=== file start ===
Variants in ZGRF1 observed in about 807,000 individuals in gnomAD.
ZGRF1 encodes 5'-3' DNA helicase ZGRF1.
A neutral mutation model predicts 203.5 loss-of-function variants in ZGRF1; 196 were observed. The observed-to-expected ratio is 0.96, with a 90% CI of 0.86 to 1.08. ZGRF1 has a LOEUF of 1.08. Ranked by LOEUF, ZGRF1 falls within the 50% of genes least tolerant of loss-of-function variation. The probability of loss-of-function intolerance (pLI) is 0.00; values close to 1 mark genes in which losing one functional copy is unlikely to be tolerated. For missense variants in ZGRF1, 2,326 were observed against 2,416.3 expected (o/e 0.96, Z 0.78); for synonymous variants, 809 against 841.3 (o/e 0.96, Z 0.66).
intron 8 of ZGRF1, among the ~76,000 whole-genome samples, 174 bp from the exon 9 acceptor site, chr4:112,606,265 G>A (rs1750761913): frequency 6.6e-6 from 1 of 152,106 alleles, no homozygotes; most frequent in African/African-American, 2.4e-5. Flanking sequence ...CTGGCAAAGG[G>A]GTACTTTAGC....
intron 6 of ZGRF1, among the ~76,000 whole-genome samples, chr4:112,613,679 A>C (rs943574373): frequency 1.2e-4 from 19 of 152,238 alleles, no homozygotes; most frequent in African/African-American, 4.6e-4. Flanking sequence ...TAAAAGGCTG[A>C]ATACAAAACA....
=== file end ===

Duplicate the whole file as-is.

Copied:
Variants in ZGRF1 observed in about 807,000 individuals in gnomAD.
ZGRF1 encodes 5'-3' DNA helicase ZGRF1.
A neutral mutation model predicts 203.5 loss-of-function variants in ZGRF1; 196 were observed. The observed-to-expected ratio is 0.96, with a 90% CI of 0.86 to 1.08. ZGRF1 has a LOEUF of 1.08. Ranked by LOEUF, ZGRF1 falls within the 50% of genes least tolerant of loss-of-function variation. The probability of loss-of-function intolerance (pLI) is 0.00; values close to 1 mark genes in which losing one functional copy is unlikely to be tolerated. For missense variants in ZGRF1, 2,326 were observed against 2,416.3 expected (o/e 0.96, Z 0.78); for synonymous variants, 809 against 841.3 (o/e 0.96, Z 0.66).
intron 8 of ZGRF1, among the ~76,000 whole-genome samples, 174 bp from the exon 9 acceptor site, chr4:112,606,265 G>A (rs1750761913): frequency 6.6e-6 from 1 of 152,106 alleles, no homozygotes; most frequent in African/African-American, 2.4e-5. Flanking sequence ...CTGGCAAAGG[G>A]GTACTTTAGC....
intron 6 of ZGRF1, among the ~76,000 whole-genome samples, chr4:112,613,679 A>C (rs943574373): frequency 1.2e-4 from 19 of 152,238 alleles, no homozygotes; most frequent in African/African-American, 4.6e-4. Flanking sequence ...TAAAAGGCTG[A>C]ATACAAAACA....